A simple "no" is not a satisfactory answer to this question about lying. Sometimes, we lie to our spouses to spare their feelings or avoid an argument. Sometimes, we lie to them because we're hiding something or for own selfish reasons. Your motivation, say experts, is the main way to determine if your fibbing is justified.
"So, should we lie?" asks Michael D. Zentman, director of the Adelphi University Postgraduate Program in Marriage & Couple Therapy in Garden City, N.Y. in an e-mail. "Perhaps the answer can be found in the question: Whom am I protecting by withholding the truth? If you are protecting yourself, it's probably unwise to lie."
Like anything else in marriage, you and your spouse should discuss and manage your expectations when it comes to lying. For instance, you might tell your husband that you do not want to know about his previous relationships or how annoying he finds your mom. But you want him to be truthful about his sexual health and if your mom steps on his toes when it comes to parenting your children. You might also tell him that it is all right to tell white lies to spare your feelings but you won't tolerate lies about where he's been going with his friends. Of course, you must determine for yourself what's tolerable and what's not and then share those ideas with your spouse.
"My wife has taught me to say, 'Smashing,' when she asks about a new dress, even if I think it's the wrong cut and color," says Paul Ekman, author of Telling Lies (W. W. Norton & Company, revised in 2009). "She doesn't really want my opinion."
Indeed many times we are not looking for complete honesty from our spouse. Instead, we want comfort and security, and that's all right, too.
"Overtly the question, 'How does this suit look on me?' requests a fashion opinion," writes Zentman. "But covertly the question being asked is more likely, 'Do you still find me attractive?' or 'Do I still look youthful?' or 'I haven't gained too much weight, have I?'"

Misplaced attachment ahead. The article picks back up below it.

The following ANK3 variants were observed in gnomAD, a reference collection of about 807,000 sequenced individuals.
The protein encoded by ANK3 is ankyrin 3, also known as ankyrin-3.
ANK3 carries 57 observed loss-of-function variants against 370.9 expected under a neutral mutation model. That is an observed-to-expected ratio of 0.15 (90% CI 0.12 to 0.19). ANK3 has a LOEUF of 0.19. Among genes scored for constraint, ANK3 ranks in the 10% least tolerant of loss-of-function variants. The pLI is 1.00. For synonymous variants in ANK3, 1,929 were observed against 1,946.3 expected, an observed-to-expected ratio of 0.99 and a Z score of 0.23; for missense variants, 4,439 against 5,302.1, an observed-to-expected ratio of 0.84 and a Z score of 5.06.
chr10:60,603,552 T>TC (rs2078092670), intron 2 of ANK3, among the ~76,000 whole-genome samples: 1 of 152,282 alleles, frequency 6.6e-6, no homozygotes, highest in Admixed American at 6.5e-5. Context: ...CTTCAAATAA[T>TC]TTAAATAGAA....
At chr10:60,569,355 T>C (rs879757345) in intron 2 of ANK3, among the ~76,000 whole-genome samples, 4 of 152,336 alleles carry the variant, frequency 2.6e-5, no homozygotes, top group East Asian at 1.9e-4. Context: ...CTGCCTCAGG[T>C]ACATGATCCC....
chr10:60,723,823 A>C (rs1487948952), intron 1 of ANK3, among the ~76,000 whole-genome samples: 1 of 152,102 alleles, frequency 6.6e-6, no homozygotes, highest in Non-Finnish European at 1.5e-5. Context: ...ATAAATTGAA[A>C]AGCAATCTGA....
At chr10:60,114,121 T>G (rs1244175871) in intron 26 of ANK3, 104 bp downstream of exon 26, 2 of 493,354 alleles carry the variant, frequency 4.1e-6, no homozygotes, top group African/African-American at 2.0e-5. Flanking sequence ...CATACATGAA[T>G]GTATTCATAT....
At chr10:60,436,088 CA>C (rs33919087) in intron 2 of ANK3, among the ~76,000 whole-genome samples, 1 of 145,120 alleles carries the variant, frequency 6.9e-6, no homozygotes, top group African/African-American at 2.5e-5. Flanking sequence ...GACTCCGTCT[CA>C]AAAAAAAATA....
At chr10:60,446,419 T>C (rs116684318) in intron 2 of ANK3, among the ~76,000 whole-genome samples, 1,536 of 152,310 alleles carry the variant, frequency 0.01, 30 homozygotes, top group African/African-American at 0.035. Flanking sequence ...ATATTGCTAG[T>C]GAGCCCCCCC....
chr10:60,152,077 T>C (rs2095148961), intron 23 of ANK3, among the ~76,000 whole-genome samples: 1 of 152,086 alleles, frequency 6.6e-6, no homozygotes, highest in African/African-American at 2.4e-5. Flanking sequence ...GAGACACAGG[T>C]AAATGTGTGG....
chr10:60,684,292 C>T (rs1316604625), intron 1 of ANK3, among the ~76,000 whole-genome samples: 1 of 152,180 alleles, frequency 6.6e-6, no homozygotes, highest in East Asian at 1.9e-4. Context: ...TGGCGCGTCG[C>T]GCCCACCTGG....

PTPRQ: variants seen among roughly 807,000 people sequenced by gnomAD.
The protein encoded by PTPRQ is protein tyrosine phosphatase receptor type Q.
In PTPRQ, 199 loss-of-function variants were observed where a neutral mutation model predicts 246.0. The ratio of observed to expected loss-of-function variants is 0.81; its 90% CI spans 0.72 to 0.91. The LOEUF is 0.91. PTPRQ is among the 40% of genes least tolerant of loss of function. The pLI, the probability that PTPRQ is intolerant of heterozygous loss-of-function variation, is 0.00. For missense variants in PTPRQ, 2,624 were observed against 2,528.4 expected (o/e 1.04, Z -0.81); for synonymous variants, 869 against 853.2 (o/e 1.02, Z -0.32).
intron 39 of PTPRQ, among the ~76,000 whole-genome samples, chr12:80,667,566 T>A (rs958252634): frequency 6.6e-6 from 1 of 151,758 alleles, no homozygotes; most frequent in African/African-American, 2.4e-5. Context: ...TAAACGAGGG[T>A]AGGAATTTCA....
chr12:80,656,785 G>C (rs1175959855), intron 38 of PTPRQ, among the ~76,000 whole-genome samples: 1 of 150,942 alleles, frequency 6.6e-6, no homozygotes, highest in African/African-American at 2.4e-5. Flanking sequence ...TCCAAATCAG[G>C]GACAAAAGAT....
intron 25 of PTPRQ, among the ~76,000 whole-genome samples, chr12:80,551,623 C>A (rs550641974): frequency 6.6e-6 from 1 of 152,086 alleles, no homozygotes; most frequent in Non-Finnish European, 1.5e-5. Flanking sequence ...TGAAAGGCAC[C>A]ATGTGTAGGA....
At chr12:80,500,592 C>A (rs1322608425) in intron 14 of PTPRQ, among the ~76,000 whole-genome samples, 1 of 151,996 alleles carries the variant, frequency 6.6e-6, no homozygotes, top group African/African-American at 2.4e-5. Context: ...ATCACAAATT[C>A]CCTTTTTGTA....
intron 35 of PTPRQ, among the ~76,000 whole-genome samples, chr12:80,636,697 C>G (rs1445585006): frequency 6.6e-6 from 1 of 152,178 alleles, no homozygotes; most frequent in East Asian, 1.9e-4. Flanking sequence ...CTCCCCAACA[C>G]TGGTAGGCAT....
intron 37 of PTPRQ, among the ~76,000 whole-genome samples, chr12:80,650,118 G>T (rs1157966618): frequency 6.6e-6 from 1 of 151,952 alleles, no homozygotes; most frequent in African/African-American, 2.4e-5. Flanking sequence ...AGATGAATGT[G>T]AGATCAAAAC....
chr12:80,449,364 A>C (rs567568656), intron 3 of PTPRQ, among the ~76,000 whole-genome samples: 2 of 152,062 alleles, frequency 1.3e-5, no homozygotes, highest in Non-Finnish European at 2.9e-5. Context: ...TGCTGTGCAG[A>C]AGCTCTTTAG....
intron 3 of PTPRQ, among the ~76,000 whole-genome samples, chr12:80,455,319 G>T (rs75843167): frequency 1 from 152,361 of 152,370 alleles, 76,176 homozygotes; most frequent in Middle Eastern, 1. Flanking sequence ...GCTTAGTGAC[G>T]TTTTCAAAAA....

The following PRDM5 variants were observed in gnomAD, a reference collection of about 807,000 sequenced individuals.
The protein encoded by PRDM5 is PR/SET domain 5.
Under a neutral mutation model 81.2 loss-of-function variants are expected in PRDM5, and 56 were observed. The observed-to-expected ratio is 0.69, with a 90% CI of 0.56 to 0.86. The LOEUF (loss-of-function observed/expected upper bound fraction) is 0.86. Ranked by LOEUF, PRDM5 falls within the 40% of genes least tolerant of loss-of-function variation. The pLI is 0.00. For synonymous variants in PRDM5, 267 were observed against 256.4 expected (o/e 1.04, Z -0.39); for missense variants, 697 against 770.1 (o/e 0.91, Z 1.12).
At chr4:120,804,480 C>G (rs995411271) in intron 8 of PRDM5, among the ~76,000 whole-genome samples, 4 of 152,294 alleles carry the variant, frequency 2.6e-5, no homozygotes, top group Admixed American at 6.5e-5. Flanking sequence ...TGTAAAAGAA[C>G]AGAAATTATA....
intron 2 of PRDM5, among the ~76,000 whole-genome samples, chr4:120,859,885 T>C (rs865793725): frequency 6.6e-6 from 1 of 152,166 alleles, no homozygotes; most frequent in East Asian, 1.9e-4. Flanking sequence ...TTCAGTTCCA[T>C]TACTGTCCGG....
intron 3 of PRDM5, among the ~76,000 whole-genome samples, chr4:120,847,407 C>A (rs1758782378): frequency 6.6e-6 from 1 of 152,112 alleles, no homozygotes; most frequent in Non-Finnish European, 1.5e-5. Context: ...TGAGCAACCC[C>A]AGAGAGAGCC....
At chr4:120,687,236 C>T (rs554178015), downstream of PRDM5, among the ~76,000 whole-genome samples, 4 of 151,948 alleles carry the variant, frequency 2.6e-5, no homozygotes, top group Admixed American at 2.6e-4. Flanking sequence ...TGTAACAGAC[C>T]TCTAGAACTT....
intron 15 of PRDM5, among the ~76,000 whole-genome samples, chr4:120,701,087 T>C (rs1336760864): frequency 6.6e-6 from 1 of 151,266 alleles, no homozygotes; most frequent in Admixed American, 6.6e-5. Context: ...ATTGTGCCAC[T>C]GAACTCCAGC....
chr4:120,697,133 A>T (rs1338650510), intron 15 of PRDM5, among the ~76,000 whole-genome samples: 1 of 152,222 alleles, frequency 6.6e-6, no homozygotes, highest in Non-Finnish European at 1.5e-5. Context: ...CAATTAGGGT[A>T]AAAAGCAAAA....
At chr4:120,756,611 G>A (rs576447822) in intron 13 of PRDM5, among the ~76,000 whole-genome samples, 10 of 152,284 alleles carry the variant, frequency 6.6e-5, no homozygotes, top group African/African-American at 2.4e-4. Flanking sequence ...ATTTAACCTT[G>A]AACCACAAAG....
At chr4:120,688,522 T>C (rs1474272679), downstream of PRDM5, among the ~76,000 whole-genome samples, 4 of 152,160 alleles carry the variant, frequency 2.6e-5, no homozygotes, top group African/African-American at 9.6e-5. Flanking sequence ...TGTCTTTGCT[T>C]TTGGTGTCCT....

You have to really know your spouse to read between the lines of the question being asked. Once you can, you will realize that some white lies can protect your spouse's confidence in both his attractiveness and the heat in your relationship. Of course, if you are no longer attracted to your spouse, the white lie is no longer white. Then, it becomes a big lie that could erode your marriage further. In that instance, you should be honest about the lost spark and seek counseling to try and reignite the passion in your relationship.
Certain lies can damage your relationship, even if they seem harmless or even necessary to protect the marriage. If you're lying to your spouse to save yourself from a well-deserved confrontation, then you're doing a disservice to your marriage, writes Zentman.
"Even lies about affairs are intended to protect the relationship," writes Zentman. "But lies of this magnitude do far more harm than good."
Your spouse has the right to know if you've begun a relationship with someone else. Besides having broken your vows, having an emotional or physical affair is usually an indicator of other problems to which you need to tend. Although an affair could end your marriage, a prolonged lie about it will only make matters worse. No one likes to feel foolish or disrespected.
Another big issue about which people often lie is money. Some couples hide purchases they've made or keep secret banking accounts. Others fail to tell their spouses about debts. These kinds of lies are dangerous because like those of an affair, they erode trust and make problems bigger. In addition, some of these lies could put you at risk for trouble with the IRS or when trying to purchase a home in the future. Regardless of the type of money lie, it's better to be open about this issue because it causes a lot of fights in marriage, too. Of course, you always have the option of keeping separate accounts.
The bottom line is that most lies will be bad for your marriage. But white lies don't necessarily have to be banned. Consider your spouse's feelings and communicate your expectations about honesty.
"The question of 'to lie or not to lie' is a complex one," writes Zentman. "It is rarely simply black or white. There are subtleties and nuances embedded in this issue that require thoughtfulness and self reflection."
While protecting the relationship is important, protecting the trust you've grown should be your top priority. Without trust, there will be no relationship to protect.
"Be trusting. It's good for your health and relationship," says Ekman. "To be suspicious is bad for your health and relationship."